But the primary obedience in this canon is given to Christ, to following Christ, obedient even unto death.  The profundity of following Christ can take a Christian lifetime to prayerfully grasp and practice.  From Scripture--the Living Word of God--we learn that when Christ was in the flesh, He learned obedience through suffering.

Following Christ may be learned and effected by living the Gospels.  The Gospels remain the perfect Rule of Life for hermits--indeed, for any Christians regardless of state of life in the Church--hierarchy and laity, consecrated or not.

Learning obedience through suffering includes all forms of suffering: physical, mental, emotional, spiritual.  Following Christ, being obedient unto death, can include bodily death from this earthly life as well as death to the temporal "world" in some aspect of body, mind, emotions, and spirit. This type of death is often termed "spiritual detachment" or "holy indifference."  The worlds "spiritual" and "holy" are key in being linked with "detachment" and "indifference."

It would seem, then, that the Living Word of God in Scriptures, is the ultimate and never-failing law of God in fulfilling a professed vow of obedience.  The church law adds to God's Word but does require discernment of the several conditions that do need to be met in order for one's will to be obliged in submission to a Superior--who must be lawful, acting in God's place, and whose commands are in accordance with the Institutes of the Church.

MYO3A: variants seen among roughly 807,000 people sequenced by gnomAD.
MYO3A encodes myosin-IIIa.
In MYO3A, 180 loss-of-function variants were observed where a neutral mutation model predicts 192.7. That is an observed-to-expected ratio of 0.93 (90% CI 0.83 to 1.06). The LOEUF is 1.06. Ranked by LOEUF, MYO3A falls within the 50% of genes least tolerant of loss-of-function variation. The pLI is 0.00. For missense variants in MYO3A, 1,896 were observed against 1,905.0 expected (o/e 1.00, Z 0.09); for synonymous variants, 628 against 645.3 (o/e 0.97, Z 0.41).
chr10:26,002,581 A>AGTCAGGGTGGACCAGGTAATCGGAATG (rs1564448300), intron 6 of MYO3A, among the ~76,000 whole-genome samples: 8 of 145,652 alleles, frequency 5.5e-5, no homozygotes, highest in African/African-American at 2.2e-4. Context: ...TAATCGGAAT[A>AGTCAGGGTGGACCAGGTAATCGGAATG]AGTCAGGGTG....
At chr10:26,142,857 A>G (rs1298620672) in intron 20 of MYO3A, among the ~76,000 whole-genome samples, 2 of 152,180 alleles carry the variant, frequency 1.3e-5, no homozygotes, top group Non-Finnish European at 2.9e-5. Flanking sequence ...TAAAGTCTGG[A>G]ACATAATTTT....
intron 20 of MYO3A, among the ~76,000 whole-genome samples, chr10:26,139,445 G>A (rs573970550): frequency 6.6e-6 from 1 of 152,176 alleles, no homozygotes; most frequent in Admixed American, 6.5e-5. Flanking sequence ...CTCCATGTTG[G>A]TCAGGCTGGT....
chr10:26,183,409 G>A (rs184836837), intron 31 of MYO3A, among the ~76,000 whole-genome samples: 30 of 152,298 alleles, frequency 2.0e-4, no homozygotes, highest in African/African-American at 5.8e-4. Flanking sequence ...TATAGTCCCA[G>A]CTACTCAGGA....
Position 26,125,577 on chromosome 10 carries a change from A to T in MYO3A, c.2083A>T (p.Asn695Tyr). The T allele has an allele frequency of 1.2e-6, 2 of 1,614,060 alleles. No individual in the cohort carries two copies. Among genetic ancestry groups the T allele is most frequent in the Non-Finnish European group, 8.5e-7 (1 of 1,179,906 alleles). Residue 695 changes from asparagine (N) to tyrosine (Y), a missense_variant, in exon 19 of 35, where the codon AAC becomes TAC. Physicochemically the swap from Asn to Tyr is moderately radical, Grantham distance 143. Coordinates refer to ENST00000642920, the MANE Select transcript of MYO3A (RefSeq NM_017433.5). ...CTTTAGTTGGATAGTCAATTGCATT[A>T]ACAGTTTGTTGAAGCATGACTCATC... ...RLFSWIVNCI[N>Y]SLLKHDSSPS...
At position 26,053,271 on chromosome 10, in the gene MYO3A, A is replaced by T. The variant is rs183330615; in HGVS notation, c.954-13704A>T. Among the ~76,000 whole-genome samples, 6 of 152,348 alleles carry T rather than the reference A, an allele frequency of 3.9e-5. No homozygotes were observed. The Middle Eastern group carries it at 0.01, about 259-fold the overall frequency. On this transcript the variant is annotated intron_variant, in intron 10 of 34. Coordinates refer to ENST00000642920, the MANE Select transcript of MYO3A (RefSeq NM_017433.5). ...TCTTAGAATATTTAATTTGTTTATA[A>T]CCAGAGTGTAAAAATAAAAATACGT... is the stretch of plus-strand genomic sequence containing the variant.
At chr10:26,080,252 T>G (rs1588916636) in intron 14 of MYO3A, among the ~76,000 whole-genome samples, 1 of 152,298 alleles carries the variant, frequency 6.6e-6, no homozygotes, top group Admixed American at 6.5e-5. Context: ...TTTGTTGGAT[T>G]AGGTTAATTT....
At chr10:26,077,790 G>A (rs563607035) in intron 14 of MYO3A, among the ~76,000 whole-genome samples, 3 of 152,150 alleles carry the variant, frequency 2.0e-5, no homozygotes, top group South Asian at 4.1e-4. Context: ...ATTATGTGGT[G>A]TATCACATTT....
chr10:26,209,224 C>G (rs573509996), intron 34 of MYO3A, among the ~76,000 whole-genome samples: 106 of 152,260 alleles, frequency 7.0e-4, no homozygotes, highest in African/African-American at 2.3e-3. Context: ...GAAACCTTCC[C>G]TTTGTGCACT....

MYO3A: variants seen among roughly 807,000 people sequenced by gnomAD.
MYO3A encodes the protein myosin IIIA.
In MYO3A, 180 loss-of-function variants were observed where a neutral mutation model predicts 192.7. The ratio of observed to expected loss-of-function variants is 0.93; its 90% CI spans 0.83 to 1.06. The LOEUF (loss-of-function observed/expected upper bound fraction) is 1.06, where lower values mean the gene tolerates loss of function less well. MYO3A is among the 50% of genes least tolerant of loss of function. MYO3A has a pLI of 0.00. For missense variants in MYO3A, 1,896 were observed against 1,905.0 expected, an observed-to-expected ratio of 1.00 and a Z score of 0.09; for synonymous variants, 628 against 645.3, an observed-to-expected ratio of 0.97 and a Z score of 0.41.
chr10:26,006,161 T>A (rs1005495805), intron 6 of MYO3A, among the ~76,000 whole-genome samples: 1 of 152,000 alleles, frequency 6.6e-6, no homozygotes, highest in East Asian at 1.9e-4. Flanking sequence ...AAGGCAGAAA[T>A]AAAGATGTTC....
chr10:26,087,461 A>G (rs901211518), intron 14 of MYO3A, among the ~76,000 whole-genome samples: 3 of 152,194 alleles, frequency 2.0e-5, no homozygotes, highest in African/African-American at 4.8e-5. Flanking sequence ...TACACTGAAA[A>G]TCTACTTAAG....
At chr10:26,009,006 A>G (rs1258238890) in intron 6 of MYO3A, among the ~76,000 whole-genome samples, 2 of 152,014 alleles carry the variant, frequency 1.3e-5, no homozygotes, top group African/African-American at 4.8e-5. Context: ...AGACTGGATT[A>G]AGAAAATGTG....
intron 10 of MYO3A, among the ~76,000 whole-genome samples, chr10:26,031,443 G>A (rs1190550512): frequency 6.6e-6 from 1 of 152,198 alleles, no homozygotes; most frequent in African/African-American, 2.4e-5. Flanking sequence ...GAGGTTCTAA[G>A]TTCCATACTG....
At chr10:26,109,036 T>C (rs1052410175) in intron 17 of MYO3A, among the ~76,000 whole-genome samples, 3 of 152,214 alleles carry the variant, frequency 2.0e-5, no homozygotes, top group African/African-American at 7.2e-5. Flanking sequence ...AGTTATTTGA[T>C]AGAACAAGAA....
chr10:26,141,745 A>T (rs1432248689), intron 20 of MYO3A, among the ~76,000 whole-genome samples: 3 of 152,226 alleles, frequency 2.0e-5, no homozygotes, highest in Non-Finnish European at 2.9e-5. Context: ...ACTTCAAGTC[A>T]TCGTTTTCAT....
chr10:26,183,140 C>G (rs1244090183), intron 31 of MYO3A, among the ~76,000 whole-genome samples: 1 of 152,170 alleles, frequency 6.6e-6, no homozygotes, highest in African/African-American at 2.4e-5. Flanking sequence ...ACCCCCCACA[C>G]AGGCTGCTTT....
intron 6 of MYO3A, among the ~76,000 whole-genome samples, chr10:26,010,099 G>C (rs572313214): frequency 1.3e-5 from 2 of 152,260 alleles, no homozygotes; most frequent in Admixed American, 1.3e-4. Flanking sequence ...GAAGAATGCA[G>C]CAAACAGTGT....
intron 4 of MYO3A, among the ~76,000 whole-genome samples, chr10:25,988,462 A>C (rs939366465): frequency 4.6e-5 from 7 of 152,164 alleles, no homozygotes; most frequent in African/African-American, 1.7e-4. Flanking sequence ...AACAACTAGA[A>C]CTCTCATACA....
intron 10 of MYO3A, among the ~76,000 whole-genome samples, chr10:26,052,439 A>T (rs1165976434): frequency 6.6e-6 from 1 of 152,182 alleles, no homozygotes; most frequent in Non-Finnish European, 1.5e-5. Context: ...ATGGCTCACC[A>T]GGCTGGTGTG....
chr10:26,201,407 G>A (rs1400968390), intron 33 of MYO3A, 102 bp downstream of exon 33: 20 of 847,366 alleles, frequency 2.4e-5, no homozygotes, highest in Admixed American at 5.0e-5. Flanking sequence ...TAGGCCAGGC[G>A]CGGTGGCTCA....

Even so, if each condition of a lawful Superior seem met, no one but God really knows or can judge if the one submitting his or her will to the lawful Superior and/or the Superior himself, are meeting the conditions, or to what degree or ideal.  Mortals--even the seemingly holiest of hermits (or anyone) and the wisest and most reverent of those in Holy Orders--are not foolproof in knowing and judging our souls and conditions.  Only the One Who saves us from death can do so: God the Father, God the Son, God the Holy Spirit.

The individual soul may have some idea, depending upon his or her truthfulness and degree of spiritual progression, in knowing self and knowing God.  The individual soul's Superior by church law may have some idea--even a very good idea--depending upon various observed and inspired aspects.  But no one, mortal, lawful superior nor the most approved, seemingly holiest of individual souls can know for sure.

The seemingly simple freedom of the Christian call in Scripture--the Living Word of God--to following Jesus Christ, requires discernment and wise discretion as well.  The conditions of a soul in following Christ--obedient even unto death--are deep and wide.  No one but the One Who saves us from death knows or can judge if the Gospel tenets are being met, to what degree or ideal.  

It comes down to the reality of striving, to the best of our human abilities, acts of our free will, and by whatever undeserved but mercifully given divine graces of God, that we are able to follow Christ.  As to whatever degree of obedience, learning it through suffering, and to whatever progression being in Christ toward our soul's perfection, we will not have consistent, complete perfection during our earthly, mortal pilgrimages.  

Obedience learned from what is suffered...and when He was made perfect...He became the source of eternal salvation for all who obey Him

God bless His Real Presence in us, and our presence in Him. Let us love dearly one another as we love Christ and He loves us--little children--for we are in this life together.  Remain in His Love!